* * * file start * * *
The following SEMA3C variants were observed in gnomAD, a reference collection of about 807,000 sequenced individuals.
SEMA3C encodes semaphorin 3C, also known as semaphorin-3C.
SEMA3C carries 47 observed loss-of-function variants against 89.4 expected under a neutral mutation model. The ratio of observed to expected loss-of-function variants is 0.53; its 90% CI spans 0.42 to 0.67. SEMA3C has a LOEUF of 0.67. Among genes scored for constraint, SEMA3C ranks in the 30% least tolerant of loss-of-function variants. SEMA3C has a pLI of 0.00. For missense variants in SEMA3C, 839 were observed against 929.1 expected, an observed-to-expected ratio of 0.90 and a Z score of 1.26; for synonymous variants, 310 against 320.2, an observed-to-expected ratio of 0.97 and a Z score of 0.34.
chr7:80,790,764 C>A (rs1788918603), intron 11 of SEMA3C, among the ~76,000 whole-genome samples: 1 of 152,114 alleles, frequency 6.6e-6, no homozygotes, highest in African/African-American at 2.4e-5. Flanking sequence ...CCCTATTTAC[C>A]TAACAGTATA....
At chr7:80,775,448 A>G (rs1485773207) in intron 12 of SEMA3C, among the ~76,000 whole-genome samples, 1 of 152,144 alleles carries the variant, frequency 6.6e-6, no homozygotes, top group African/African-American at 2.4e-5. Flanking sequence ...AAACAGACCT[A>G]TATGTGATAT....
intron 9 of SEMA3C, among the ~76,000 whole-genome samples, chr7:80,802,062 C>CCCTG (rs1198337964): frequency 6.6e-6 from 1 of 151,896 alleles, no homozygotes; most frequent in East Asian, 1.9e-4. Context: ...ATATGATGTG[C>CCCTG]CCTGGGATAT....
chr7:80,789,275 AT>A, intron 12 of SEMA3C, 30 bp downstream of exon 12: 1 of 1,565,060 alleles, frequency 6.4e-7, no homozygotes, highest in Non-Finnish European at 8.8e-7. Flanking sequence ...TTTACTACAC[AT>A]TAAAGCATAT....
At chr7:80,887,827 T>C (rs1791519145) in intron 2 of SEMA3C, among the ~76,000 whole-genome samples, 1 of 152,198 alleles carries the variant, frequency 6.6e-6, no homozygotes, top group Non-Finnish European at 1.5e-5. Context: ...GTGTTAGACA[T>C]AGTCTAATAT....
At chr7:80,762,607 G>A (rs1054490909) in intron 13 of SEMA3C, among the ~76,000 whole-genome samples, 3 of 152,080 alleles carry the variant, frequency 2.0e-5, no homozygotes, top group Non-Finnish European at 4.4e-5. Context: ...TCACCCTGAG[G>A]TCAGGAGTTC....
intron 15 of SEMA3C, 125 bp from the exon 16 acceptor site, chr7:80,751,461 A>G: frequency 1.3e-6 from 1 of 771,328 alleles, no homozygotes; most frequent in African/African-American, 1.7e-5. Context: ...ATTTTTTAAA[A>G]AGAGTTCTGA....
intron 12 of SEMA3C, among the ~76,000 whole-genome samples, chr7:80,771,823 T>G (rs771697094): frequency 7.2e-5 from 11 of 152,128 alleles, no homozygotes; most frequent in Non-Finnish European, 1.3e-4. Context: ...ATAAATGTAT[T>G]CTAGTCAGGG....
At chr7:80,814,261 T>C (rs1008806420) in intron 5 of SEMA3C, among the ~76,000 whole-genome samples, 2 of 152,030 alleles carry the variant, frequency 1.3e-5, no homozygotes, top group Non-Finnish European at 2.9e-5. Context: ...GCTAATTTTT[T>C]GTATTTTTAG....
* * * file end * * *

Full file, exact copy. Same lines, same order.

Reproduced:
The following SEMA3C variants were observed in gnomAD, a reference collection of about 807,000 sequenced individuals.
SEMA3C encodes semaphorin 3C, also known as semaphorin-3C.
SEMA3C carries 47 observed loss-of-function variants against 89.4 expected under a neutral mutation model. The ratio of observed to expected loss-of-function variants is 0.53; its 90% CI spans 0.42 to 0.67. SEMA3C has a LOEUF of 0.67. Among genes scored for constraint, SEMA3C ranks in the 30% least tolerant of loss-of-function variants. SEMA3C has a pLI of 0.00. For missense variants in SEMA3C, 839 were observed against 929.1 expected, an observed-to-expected ratio of 0.90 and a Z score of 1.26; for synonymous variants, 310 against 320.2, an observed-to-expected ratio of 0.97 and a Z score of 0.34.
chr7:80,790,764 C>A (rs1788918603), intron 11 of SEMA3C, among the ~76,000 whole-genome samples: 1 of 152,114 alleles, frequency 6.6e-6, no homozygotes, highest in African/African-American at 2.4e-5. Flanking sequence ...CCCTATTTAC[C>A]TAACAGTATA....
At chr7:80,775,448 A>G (rs1485773207) in intron 12 of SEMA3C, among the ~76,000 whole-genome samples, 1 of 152,144 alleles carries the variant, frequency 6.6e-6, no homozygotes, top group African/African-American at 2.4e-5. Flanking sequence ...AAACAGACCT[A>G]TATGTGATAT....
intron 9 of SEMA3C, among the ~76,000 whole-genome samples, chr7:80,802,062 C>CCCTG (rs1198337964): frequency 6.6e-6 from 1 of 151,896 alleles, no homozygotes; most frequent in East Asian, 1.9e-4. Context: ...ATATGATGTG[C>CCCTG]CCTGGGATAT....
chr7:80,789,275 AT>A, intron 12 of SEMA3C, 30 bp downstream of exon 12: 1 of 1,565,060 alleles, frequency 6.4e-7, no homozygotes, highest in Non-Finnish European at 8.8e-7. Flanking sequence ...TTTACTACAC[AT>A]TAAAGCATAT....
At chr7:80,887,827 T>C (rs1791519145) in intron 2 of SEMA3C, among the ~76,000 whole-genome samples, 1 of 152,198 alleles carries the variant, frequency 6.6e-6, no homozygotes, top group Non-Finnish European at 1.5e-5. Context: ...GTGTTAGACA[T>C]AGTCTAATAT....
At chr7:80,762,607 G>A (rs1054490909) in intron 13 of SEMA3C, among the ~76,000 whole-genome samples, 3 of 152,080 alleles carry the variant, frequency 2.0e-5, no homozygotes, top group Non-Finnish European at 4.4e-5. Context: ...TCACCCTGAG[G>A]TCAGGAGTTC....
intron 15 of SEMA3C, 125 bp from the exon 16 acceptor site, chr7:80,751,461 A>G: frequency 1.3e-6 from 1 of 771,328 alleles, no homozygotes; most frequent in African/African-American, 1.7e-5. Context: ...ATTTTTTAAA[A>G]AGAGTTCTGA....
intron 12 of SEMA3C, among the ~76,000 whole-genome samples, chr7:80,771,823 T>G (rs771697094): frequency 7.2e-5 from 11 of 152,128 alleles, no homozygotes; most frequent in Non-Finnish European, 1.3e-4. Context: ...ATAAATGTAT[T>G]CTAGTCAGGG....
At chr7:80,814,261 T>C (rs1008806420) in intron 5 of SEMA3C, among the ~76,000 whole-genome samples, 2 of 152,030 alleles carry the variant, frequency 1.3e-5, no homozygotes, top group Non-Finnish European at 2.9e-5. Context: ...GCTAATTTTT[T>C]GTATTTTTAG....